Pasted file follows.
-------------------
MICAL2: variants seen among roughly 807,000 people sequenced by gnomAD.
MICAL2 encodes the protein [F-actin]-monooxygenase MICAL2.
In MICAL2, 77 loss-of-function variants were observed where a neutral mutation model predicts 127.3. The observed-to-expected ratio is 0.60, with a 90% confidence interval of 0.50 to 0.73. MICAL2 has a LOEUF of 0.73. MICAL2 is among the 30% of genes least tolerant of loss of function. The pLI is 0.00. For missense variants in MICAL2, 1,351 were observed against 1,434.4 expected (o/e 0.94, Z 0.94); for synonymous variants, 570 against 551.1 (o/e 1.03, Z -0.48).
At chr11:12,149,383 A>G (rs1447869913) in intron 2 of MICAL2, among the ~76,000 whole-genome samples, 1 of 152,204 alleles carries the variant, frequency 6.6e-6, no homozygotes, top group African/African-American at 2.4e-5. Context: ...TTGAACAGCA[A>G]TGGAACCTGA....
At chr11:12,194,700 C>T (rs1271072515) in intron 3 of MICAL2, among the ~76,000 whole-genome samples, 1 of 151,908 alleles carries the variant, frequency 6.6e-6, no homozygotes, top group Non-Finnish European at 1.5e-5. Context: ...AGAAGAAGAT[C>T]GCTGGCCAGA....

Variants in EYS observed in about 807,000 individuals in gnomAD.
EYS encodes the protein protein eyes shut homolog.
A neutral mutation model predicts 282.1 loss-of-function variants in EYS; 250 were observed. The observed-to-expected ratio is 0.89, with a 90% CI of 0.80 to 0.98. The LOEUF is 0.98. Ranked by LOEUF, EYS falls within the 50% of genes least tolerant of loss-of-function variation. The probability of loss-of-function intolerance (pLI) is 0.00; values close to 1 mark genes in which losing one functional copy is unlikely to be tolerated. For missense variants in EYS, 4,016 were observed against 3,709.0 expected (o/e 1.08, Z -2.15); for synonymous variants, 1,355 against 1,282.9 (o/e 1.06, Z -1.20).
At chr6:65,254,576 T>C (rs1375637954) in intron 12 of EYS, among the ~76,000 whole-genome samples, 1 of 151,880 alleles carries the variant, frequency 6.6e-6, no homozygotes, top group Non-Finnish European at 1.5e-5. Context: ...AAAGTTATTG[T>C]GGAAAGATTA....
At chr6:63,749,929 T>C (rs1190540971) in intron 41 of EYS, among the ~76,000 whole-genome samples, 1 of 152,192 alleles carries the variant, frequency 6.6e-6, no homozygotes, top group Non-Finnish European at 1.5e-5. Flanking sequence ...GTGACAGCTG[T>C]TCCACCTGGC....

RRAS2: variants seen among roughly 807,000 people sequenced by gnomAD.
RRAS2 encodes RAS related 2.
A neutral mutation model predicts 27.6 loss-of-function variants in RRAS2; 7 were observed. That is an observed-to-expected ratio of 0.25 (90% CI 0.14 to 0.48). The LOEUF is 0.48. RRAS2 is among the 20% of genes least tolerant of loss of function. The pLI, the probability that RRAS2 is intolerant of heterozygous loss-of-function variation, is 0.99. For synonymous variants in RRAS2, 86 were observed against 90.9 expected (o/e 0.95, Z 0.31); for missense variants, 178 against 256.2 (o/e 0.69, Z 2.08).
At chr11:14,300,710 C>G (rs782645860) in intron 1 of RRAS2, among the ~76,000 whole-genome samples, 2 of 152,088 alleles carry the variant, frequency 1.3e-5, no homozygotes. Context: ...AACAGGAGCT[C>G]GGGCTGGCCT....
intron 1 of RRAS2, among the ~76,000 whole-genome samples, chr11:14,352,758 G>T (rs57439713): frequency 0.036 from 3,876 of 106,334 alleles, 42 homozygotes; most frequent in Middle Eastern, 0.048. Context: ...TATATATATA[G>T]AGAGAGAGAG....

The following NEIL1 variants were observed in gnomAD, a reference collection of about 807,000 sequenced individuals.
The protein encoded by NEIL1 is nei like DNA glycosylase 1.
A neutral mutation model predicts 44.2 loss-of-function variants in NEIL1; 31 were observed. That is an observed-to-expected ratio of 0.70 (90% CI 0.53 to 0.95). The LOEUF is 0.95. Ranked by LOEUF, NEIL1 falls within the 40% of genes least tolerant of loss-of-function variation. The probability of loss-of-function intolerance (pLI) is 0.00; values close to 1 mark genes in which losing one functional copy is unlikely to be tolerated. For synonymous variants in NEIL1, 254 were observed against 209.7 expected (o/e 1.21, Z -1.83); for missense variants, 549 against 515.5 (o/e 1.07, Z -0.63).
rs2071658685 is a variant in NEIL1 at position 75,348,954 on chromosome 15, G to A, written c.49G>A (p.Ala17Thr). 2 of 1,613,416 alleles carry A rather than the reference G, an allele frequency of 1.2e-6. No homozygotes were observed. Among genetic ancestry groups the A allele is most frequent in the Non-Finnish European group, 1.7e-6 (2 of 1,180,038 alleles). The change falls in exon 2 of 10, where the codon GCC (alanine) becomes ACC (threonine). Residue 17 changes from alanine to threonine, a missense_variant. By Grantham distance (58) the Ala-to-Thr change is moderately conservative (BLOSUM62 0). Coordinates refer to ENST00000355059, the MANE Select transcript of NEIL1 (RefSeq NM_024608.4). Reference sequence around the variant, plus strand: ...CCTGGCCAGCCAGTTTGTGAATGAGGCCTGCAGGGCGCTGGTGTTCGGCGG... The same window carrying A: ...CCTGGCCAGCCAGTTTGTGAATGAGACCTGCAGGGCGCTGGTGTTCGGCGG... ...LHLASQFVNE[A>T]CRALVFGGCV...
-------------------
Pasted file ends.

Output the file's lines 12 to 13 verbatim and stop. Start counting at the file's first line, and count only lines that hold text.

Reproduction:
RRAS2 encodes RAS related 2.
A neutral mutation model predicts 27.6 loss-of-function variants in RRAS2; 7 were observed. That is an observed-to-expected ratio of 0.25 (90% CI 0.14 to 0.48). The LOEUF is 0.48. RRAS2 is among the 20% of genes least tolerant of loss of function. The pLI, the probability that RRAS2 is intolerant of heterozygous loss-of-function variation, is 0.99. For synonymous variants in RRAS2, 86 were observed against 90.9 expected (o/e 0.95, Z 0.31); for missense variants, 178 against 256.2 (o/e 0.69, Z 2.08).